PARTICIPATION: You will learn more if you actively participate in all class and lab sessions, complete all assignments (reading, homework, and lab reports), and take responsibility for learning the course material. When you have questions, you need to pursue their answers.  However, if, after a reasonable amount of effort, you are still struggling, come to my office.  I can’t help if I don’t know you have a problem.

INTEGRITY and ETHICS: No student should take unfair advantage of another.  All students are assumed to be acting honorably until they show otherwise.  However, I won’t tolerate cheating in any form.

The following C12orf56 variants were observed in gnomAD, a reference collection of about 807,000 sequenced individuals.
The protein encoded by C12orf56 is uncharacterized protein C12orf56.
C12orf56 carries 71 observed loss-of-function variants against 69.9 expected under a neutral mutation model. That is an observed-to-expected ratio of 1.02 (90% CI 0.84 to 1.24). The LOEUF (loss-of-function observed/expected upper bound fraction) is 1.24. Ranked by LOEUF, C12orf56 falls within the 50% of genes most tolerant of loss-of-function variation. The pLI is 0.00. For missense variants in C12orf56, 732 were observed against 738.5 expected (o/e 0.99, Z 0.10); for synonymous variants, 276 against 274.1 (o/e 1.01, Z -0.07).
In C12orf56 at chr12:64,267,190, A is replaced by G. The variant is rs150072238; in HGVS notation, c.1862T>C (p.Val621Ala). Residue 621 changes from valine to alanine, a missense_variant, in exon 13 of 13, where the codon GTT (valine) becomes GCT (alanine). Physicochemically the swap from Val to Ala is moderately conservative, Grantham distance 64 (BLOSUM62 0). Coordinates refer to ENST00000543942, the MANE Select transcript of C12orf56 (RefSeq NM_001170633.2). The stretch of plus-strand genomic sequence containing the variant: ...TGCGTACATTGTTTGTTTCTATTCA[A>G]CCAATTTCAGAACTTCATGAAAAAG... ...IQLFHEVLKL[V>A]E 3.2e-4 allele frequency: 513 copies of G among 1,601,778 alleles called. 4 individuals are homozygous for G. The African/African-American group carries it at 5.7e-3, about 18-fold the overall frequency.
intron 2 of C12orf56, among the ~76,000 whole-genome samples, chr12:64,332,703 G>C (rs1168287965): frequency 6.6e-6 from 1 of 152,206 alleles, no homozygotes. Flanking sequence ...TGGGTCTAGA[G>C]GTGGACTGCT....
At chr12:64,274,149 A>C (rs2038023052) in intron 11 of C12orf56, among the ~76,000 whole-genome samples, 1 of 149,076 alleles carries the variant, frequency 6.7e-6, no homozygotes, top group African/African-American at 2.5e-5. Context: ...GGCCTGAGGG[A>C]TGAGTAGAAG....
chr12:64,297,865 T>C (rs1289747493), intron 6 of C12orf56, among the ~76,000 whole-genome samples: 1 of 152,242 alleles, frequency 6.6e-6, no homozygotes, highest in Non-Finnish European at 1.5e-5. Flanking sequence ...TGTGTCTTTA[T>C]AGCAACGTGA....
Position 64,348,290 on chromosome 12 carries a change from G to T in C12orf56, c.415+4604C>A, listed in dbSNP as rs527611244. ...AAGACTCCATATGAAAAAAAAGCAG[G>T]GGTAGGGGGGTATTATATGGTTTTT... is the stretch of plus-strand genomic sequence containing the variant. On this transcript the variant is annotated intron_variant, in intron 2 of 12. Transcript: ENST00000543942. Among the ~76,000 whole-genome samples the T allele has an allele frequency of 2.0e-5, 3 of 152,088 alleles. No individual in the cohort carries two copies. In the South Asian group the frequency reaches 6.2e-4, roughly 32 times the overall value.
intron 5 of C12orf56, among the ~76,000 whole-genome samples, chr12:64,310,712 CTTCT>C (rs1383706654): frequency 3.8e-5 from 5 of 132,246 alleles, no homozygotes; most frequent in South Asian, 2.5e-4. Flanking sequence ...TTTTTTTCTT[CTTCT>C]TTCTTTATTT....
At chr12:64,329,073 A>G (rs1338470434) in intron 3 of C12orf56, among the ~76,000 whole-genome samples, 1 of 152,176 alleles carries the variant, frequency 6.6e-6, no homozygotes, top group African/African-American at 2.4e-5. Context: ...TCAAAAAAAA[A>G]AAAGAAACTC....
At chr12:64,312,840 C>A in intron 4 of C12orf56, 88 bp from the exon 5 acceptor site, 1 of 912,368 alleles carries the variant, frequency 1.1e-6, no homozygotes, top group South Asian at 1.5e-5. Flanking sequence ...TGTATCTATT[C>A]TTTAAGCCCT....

If you are not sure whether what you are doing is cheating, ask yourself whether it would make your mother proud of you if she knew about it.  For a more formal description, refer to University Regulations, Part 5, Section III.B.2.a., regarding dishonesty.

Course Core Learning Objectives:


1.   Calculate principal stresses, maximum shear stress, and principal direction in a plane when given the loading condition.

2.   Select the appropriate type of strain gage(s) for a given test specimen or component.

3.   Determine the proper strain gage orientation for measurement of the strain induced by a single loading.

4.   Calculate principal strains, maximum shearing strain, and principal direction on a surface from strain gage rosette data.

5.   Convert strain values to stress values when given appropriate material information.

6.   Manipulate strain gages in a simple Wheatstone Bridge circuit configuration to isolate and measure strain from one of several loadings.

7.   Perform an open-ended experimental investigation in solid mechanics.